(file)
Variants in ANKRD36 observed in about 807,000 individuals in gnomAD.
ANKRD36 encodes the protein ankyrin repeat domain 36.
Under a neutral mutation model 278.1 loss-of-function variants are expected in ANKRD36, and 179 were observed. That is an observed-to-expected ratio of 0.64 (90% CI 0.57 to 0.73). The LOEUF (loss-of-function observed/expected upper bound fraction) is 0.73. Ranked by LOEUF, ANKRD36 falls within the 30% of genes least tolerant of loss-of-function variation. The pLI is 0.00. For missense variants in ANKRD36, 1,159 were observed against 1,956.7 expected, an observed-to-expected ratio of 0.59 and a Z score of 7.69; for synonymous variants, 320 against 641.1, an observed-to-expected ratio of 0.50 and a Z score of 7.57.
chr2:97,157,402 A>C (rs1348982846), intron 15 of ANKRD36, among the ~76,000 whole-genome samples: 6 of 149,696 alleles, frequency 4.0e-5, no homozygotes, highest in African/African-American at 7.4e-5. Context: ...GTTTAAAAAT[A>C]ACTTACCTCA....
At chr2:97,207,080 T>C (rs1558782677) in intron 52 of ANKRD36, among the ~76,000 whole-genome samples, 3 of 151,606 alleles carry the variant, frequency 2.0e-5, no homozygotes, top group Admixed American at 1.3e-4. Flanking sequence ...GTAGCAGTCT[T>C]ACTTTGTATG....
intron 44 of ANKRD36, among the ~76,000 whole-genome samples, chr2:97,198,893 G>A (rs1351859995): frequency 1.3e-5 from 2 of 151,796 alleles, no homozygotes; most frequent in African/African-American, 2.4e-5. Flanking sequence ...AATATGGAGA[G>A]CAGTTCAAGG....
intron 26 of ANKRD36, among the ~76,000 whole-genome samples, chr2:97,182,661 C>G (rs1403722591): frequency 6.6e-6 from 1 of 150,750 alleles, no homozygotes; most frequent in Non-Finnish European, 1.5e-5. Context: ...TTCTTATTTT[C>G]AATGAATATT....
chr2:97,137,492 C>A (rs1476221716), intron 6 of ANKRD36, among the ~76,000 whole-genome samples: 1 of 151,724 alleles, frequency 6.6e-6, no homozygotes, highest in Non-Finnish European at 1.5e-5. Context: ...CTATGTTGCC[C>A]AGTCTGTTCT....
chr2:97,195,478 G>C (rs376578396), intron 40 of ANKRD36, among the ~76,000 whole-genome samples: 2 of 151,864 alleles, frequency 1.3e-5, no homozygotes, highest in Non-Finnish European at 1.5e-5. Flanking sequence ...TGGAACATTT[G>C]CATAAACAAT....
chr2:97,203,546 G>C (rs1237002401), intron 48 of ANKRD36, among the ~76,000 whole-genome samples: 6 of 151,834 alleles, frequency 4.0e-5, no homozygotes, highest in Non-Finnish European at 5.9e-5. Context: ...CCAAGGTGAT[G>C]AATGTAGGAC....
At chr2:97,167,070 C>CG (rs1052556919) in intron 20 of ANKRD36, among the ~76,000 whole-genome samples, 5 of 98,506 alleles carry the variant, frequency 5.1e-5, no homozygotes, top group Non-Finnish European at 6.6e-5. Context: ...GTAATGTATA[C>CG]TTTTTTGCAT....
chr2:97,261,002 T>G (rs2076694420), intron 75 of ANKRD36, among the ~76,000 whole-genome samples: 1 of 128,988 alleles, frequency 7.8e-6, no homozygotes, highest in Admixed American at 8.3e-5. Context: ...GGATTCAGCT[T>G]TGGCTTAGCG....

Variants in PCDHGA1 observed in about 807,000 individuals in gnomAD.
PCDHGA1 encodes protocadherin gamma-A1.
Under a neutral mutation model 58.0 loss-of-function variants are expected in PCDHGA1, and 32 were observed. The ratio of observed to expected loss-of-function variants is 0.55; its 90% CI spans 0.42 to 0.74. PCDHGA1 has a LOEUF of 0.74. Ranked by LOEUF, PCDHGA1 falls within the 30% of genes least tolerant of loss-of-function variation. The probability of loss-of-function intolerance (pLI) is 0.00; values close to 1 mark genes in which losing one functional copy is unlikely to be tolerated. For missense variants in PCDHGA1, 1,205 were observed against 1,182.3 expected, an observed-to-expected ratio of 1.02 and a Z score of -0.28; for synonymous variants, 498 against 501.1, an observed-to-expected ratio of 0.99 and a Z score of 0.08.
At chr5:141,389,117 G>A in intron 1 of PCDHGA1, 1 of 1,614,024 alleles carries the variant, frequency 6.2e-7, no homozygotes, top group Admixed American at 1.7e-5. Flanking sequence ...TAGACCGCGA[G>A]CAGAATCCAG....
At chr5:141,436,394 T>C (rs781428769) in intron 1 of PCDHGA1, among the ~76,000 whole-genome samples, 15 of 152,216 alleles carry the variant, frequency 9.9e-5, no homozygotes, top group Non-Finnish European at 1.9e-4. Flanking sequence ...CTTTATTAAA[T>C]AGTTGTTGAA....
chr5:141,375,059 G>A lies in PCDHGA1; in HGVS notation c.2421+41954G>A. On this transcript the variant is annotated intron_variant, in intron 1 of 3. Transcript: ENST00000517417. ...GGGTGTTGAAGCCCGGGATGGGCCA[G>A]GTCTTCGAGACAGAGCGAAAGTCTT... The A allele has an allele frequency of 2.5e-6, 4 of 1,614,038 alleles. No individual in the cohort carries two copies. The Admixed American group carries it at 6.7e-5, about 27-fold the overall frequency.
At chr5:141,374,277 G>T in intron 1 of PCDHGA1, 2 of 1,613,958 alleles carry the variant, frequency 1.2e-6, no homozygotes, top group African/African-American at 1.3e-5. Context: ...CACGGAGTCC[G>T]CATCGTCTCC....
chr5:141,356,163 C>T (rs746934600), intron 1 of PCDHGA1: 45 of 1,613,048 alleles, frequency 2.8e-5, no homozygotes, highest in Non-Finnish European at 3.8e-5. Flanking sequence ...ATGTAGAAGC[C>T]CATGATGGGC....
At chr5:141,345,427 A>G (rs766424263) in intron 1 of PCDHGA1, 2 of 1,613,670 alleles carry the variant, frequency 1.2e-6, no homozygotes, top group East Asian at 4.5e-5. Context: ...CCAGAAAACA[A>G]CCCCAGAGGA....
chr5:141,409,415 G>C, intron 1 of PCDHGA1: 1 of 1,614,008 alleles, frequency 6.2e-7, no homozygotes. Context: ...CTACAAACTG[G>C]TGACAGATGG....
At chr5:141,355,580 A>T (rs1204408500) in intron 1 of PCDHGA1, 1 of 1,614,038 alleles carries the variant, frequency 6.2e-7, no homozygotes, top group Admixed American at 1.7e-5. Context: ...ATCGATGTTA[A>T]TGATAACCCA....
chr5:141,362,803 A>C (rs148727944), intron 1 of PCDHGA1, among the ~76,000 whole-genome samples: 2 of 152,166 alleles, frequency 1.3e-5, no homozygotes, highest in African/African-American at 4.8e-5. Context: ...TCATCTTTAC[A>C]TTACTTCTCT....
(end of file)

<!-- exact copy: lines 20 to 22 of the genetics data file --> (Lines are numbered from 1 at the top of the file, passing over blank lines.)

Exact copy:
chr5:141,356,163 C>T (rs746934600), intron 1 of PCDHGA1: 45 of 1,613,048 alleles, frequency 2.8e-5, no homozygotes, highest in Non-Finnish European at 3.8e-5. Flanking sequence ...ATGTAGAAGC[C>T]CATGATGGGC....
At chr5:141,345,427 A>G (rs766424263) in intron 1 of PCDHGA1, 2 of 1,613,670 alleles carry the variant, frequency 1.2e-6, no homozygotes, top group East Asian at 4.5e-5. Context: ...CCAGAAAACA[A>G]CCCCAGAGGA....
chr5:141,409,415 G>C, intron 1 of PCDHGA1: 1 of 1,614,008 alleles, frequency 6.2e-7, no homozygotes. Context: ...CTACAAACTG[G>C]TGACAGATGG....